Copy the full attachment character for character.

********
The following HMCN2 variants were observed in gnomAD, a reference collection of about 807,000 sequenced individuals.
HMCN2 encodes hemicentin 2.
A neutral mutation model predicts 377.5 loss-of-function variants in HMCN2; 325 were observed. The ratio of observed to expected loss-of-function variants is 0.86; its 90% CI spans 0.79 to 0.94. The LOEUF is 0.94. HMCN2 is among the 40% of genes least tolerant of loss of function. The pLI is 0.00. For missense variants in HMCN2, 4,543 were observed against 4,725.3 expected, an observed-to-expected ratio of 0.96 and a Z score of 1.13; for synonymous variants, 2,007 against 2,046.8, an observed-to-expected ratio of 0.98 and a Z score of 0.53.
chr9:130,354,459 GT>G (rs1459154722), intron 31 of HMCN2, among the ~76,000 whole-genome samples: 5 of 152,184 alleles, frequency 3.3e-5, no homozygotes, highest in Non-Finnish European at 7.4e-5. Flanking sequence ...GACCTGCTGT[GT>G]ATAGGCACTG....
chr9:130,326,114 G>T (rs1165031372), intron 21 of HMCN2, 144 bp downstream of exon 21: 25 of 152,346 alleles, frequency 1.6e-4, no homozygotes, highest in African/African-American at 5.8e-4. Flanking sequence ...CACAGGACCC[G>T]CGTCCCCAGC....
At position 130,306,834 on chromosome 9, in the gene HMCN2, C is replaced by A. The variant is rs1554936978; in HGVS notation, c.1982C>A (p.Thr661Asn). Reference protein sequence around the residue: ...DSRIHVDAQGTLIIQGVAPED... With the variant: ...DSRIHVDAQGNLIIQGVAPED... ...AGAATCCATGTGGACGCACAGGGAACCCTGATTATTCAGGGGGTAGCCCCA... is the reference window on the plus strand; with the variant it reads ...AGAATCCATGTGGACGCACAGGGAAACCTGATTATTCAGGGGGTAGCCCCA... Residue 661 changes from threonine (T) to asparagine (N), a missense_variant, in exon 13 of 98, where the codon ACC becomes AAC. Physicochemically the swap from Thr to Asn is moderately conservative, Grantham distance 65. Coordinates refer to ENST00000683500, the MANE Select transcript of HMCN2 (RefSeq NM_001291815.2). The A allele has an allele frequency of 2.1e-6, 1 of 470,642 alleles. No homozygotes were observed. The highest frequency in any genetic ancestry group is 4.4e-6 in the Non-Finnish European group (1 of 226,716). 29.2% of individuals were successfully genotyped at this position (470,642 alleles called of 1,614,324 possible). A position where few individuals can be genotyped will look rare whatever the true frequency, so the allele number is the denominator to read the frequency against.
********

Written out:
The following HMCN2 variants were observed in gnomAD, a reference collection of about 807,000 sequenced individuals.
HMCN2 encodes hemicentin 2.
A neutral mutation model predicts 377.5 loss-of-function variants in HMCN2; 325 were observed. The ratio of observed to expected loss-of-function variants is 0.86; its 90% CI spans 0.79 to 0.94. The LOEUF is 0.94. HMCN2 is among the 40% of genes least tolerant of loss of function. The pLI is 0.00. For missense variants in HMCN2, 4,543 were observed against 4,725.3 expected, an observed-to-expected ratio of 0.96 and a Z score of 1.13; for synonymous variants, 2,007 against 2,046.8, an observed-to-expected ratio of 0.98 and a Z score of 0.53.
chr9:130,354,459 GT>G (rs1459154722), intron 31 of HMCN2, among the ~76,000 whole-genome samples: 5 of 152,184 alleles, frequency 3.3e-5, no homozygotes, highest in Non-Finnish European at 7.4e-5. Flanking sequence ...GACCTGCTGT[GT>G]ATAGGCACTG....
chr9:130,326,114 G>T (rs1165031372), intron 21 of HMCN2, 144 bp downstream of exon 21: 25 of 152,346 alleles, frequency 1.6e-4, no homozygotes, highest in African/African-American at 5.8e-4. Flanking sequence ...CACAGGACCC[G>T]CGTCCCCAGC....
At position 130,306,834 on chromosome 9, in the gene HMCN2, C is replaced by A. The variant is rs1554936978; in HGVS notation, c.1982C>A (p.Thr661Asn). Reference protein sequence around the residue: ...DSRIHVDAQGTLIIQGVAPED... With the variant: ...DSRIHVDAQGNLIIQGVAPED... ...AGAATCCATGTGGACGCACAGGGAACCCTGATTATTCAGGGGGTAGCCCCA... is the reference window on the plus strand; with the variant it reads ...AGAATCCATGTGGACGCACAGGGAAACCTGATTATTCAGGGGGTAGCCCCA... Residue 661 changes from threonine (T) to asparagine (N), a missense_variant, in exon 13 of 98, where the codon ACC becomes AAC. Physicochemically the swap from Thr to Asn is moderately conservative, Grantham distance 65. Coordinates refer to ENST00000683500, the MANE Select transcript of HMCN2 (RefSeq NM_001291815.2). The A allele has an allele frequency of 2.1e-6, 1 of 470,642 alleles. No homozygotes were observed. The highest frequency in any genetic ancestry group is 4.4e-6 in the Non-Finnish European group (1 of 226,716). 29.2% of individuals were successfully genotyped at this position (470,642 alleles called of 1,614,324 possible). A position where few individuals can be genotyped will look rare whatever the true frequency, so the allele number is the denominator to read the frequency against.